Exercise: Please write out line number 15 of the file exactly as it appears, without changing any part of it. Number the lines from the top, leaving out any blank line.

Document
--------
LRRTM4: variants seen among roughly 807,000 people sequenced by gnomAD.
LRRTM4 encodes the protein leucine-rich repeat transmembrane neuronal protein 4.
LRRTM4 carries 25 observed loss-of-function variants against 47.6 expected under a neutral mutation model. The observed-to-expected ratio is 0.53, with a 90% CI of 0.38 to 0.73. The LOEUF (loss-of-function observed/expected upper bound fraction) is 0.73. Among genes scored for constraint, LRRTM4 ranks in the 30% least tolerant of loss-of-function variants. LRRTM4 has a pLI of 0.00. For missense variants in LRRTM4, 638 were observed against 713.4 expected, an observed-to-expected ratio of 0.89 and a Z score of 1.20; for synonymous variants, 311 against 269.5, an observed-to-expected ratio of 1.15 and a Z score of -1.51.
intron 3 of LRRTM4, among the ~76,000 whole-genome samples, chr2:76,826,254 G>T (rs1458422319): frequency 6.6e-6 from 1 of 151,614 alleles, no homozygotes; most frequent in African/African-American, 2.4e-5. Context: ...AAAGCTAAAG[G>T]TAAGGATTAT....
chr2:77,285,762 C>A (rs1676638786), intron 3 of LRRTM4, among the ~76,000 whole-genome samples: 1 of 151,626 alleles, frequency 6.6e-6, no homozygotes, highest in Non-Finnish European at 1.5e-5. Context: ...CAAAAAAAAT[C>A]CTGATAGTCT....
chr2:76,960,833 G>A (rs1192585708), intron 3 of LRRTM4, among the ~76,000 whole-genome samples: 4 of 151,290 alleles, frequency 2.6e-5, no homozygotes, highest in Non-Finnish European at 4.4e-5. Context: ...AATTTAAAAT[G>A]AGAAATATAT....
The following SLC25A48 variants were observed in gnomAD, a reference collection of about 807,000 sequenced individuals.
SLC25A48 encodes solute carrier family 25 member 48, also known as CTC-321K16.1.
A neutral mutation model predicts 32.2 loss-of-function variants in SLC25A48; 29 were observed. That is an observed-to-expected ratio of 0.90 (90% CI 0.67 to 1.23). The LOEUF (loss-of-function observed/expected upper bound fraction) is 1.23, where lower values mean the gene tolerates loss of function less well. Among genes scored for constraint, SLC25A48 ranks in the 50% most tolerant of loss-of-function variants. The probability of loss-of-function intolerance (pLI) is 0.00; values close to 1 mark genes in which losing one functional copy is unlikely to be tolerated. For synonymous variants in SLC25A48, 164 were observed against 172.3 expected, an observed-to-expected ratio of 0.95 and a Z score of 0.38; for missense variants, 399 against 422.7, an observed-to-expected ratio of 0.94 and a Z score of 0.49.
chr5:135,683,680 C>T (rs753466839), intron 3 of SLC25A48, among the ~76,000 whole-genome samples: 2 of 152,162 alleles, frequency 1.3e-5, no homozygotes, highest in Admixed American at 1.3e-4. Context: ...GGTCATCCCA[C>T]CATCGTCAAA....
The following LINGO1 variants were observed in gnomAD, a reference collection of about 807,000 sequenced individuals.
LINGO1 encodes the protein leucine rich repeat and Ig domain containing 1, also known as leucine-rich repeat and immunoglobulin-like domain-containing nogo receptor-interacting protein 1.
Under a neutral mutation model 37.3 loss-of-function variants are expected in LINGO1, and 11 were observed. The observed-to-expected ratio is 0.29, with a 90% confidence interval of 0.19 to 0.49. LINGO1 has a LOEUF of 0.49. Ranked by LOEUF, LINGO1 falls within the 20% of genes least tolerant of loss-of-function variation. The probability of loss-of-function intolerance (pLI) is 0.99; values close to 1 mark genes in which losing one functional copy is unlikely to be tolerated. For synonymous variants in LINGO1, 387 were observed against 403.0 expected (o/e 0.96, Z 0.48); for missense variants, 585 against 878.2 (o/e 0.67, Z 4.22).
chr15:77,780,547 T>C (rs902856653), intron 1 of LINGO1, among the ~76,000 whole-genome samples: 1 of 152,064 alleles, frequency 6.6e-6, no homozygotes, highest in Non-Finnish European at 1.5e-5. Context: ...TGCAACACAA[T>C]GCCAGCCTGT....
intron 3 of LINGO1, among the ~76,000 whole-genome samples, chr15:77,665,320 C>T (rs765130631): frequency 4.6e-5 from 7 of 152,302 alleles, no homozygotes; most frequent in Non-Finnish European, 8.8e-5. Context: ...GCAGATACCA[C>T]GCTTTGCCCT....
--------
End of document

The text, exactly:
intron 3 of LINGO1, among the ~76,000 whole-genome samples, chr15:77,665,320 C>T (rs765130631): frequency 4.6e-5 from 7 of 152,302 alleles, no homozygotes; most frequent in Non-Finnish European, 8.8e-5. Context: ...GCAGATACCA[C>T]GCTTTGCCCT....